Shortly after, she approached Eugene and drawing him away from the bishop, "Dr. Whitworth," she said, "Carrie is going to sing and might I in all due difference and in all due observance to the proprieties and in all due difference to high and proper decorum together with the full knowledge that your entente cordials with Carrie is so great in her own proper home which needless for me to remark is your own proper home as well as Carrie's proper home and in all due respect to her dear Ma my very esteemed and amiable friend who is doing me the honour of her company this evening and with all the modesty I hope and trust and always will possess suggest that you should be so gracious as to conduct her to the page 34piano and to stand beside Carrie on the right hand side which is needless for me to remark according to the book of etiquette for the drawing-room is the true position for the gentleman while we listen to Carrie's charming and mellifluous voice."

"With the greatest of pleasure, Madame," said Eugene. "in fact, I was just going to do what you say;" but he looked as if he wasn't thinking of Carrie.

He stalked over to the piano, where the young lady was already sitting. He asked her to wink her eye when she wanted him to turn over a page of the music which she intended to play instead of singing a song. It was a piece like Brahm's variations of a theme by Haydn—"The Ride of the Walkyries." Afterwards, she sang to "the Cow's" accompaniment, that if to remember her would give him pain, he could remember her no more, for which everybody but the bishop said 'thank-you.' It sounded like a spoken, subdued, little chorus. After a play the Roman actors used to say "nunc plaudite."10 Madame led off and directed the chorus with the fan, while Eugene, whose manners and ignorance of the etiquette for the drawing-room were positively execrable, left Carrie standing at the piano with "the Cow," and went out with his lordship to have a smoke in the stable.

After a game of "beggar my neighbour," charades and "hunt the slipper," the Bar, having examined and cross-examined every witness in the room, proceeded to address the jury with a long recitation declaring he was not mad, and when dinner was announced it seemed as if Madame had obtained a loan of St. John's bells for the occasion.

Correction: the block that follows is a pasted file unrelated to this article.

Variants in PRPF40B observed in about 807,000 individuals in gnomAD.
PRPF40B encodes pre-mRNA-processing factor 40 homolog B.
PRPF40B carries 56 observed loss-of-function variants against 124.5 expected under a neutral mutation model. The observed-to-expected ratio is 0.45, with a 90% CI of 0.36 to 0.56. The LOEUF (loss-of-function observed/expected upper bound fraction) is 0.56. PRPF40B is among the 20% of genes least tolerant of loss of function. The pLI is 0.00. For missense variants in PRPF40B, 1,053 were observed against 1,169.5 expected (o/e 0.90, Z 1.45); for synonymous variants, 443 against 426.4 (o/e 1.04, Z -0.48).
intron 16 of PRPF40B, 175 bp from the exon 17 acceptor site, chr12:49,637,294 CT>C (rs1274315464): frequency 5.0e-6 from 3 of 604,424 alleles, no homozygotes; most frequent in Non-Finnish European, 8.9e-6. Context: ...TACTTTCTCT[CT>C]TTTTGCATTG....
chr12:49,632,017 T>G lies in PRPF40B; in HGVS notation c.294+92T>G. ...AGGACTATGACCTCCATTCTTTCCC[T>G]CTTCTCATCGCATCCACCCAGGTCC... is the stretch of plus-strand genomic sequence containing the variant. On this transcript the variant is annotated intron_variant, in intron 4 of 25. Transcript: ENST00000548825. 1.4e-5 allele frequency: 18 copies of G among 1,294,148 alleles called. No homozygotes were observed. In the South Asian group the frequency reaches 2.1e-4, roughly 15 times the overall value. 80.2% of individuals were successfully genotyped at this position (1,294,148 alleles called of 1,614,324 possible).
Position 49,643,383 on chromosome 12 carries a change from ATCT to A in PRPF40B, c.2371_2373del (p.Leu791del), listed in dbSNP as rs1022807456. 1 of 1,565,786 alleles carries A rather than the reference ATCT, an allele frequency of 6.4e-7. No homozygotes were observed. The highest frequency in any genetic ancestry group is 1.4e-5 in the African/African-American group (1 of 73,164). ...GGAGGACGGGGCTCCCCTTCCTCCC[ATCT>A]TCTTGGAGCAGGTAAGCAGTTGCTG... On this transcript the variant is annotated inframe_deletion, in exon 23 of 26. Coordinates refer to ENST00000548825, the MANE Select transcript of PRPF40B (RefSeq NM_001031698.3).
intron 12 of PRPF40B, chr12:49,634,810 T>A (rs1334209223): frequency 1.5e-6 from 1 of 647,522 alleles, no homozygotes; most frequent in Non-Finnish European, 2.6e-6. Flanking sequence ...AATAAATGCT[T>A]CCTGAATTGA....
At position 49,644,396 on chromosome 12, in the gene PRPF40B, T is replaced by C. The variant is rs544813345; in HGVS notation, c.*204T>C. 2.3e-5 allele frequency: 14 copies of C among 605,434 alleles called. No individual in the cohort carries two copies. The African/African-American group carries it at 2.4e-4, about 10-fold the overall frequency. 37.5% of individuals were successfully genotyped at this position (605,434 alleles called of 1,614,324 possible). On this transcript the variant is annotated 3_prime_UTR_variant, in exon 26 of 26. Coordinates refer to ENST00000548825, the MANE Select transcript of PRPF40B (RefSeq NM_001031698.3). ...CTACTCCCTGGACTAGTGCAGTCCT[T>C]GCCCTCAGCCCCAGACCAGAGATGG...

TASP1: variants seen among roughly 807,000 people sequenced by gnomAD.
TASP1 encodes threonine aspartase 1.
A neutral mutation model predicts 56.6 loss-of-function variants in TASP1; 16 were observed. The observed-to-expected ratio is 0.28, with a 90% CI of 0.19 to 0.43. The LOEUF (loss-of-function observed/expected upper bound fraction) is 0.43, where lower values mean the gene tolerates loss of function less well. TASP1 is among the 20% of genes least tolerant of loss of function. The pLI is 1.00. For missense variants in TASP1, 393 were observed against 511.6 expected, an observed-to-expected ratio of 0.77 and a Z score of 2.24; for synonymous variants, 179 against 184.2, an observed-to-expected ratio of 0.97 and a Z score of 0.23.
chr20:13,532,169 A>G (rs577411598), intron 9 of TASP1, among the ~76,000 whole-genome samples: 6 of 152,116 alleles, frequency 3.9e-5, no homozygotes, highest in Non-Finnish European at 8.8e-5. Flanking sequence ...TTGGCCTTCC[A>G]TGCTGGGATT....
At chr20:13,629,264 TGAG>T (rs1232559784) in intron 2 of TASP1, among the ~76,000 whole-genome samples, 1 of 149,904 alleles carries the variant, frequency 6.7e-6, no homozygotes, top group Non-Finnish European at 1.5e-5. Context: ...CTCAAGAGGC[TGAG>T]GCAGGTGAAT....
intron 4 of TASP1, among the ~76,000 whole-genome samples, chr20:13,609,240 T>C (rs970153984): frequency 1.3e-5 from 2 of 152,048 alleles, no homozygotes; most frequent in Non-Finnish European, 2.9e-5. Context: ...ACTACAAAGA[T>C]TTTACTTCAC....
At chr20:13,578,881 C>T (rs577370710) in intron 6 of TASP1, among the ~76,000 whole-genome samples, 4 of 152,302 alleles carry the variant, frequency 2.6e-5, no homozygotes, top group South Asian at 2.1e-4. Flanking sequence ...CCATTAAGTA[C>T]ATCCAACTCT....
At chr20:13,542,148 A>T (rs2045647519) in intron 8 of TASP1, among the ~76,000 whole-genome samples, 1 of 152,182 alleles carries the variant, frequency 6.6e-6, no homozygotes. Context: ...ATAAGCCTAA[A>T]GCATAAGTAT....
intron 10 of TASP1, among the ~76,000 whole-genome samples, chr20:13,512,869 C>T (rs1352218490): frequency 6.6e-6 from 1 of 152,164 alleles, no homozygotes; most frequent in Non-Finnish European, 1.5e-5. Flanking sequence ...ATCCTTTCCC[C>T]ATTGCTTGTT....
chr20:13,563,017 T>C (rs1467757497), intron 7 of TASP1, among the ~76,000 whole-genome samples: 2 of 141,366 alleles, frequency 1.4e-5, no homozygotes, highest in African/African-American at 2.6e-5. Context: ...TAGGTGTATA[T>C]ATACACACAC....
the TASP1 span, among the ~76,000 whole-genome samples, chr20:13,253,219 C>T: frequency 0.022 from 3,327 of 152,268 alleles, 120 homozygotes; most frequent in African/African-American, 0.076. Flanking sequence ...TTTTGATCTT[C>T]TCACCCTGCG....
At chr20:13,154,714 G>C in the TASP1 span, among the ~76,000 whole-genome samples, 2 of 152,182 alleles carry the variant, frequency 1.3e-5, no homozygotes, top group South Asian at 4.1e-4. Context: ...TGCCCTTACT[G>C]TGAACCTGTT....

Madame field-marshalled the guests. Bar presumptiously appropriated most of the young ladies, examining and cross-examining them closely with the eye-glass on the march. His lordship showed Madame where her own dining-room lay, after she had made the little arrangement that Eugene should pilot in Caroline. This arrangement, however, was a bad one. Carrie did not forget that Eugene had left her unceremoniously at the piano, and he was afraid to open his mouth in case Carrie would snap his nose off, so that, thinking there was sufficient noise, Eugene and his protégé marched in silence behind the Synod and "the Cow."

Who should be perched at the head of the table in the dining-room, holding the carving knife and fork with the handles downwards and the points up in the air, but the old bone-miller himself! He had missed the train to the city, and would not miss "the evening" for the world. He was very glad to see the bishop, and told his lordship to make himself at home and not to break any bones over the thing. The young gentlemen, especially the Bar, attended in a most chivalrous manner and cavalierly style to the requirements of the young ladies. Poor Carrie was left to look after herself, Eugene going once the length of begging her pardon for his inadvertence in not passing her the salad in the silver-plated caviar dish surrounded by little wells for holding cracked ice. So great was the floral decoration of the table that the guests could not see their opposite neighbours.

page 35

"Do have one of my rosaniline11 jellies, Dr. Whitworth: I must confess I made it myself," said Madame, her voice escaping from among the nosegays, and putting one on a plate which the waiter placed under his nose. It looked like a sea-anemone. He frowned at it, and thinking it was alive, tickled it up with the fork, while Dolly, at the far end of the table, in martyrdom, sat looking very much like a jelly-fish out of water, or casting side-long glances at his brother. The jelly looked almost perfect in colouring, but he felt suspicious of the noté hurlante12 of its aniline vices.

Soon, with proper and preconcerted action, as the old bone-miller sat simpering and grinning at the powerful phrases of the majestic bishop, Madame rose upborne like a queen-bee, and all the bees swarmed after her back to the drawingroom hive.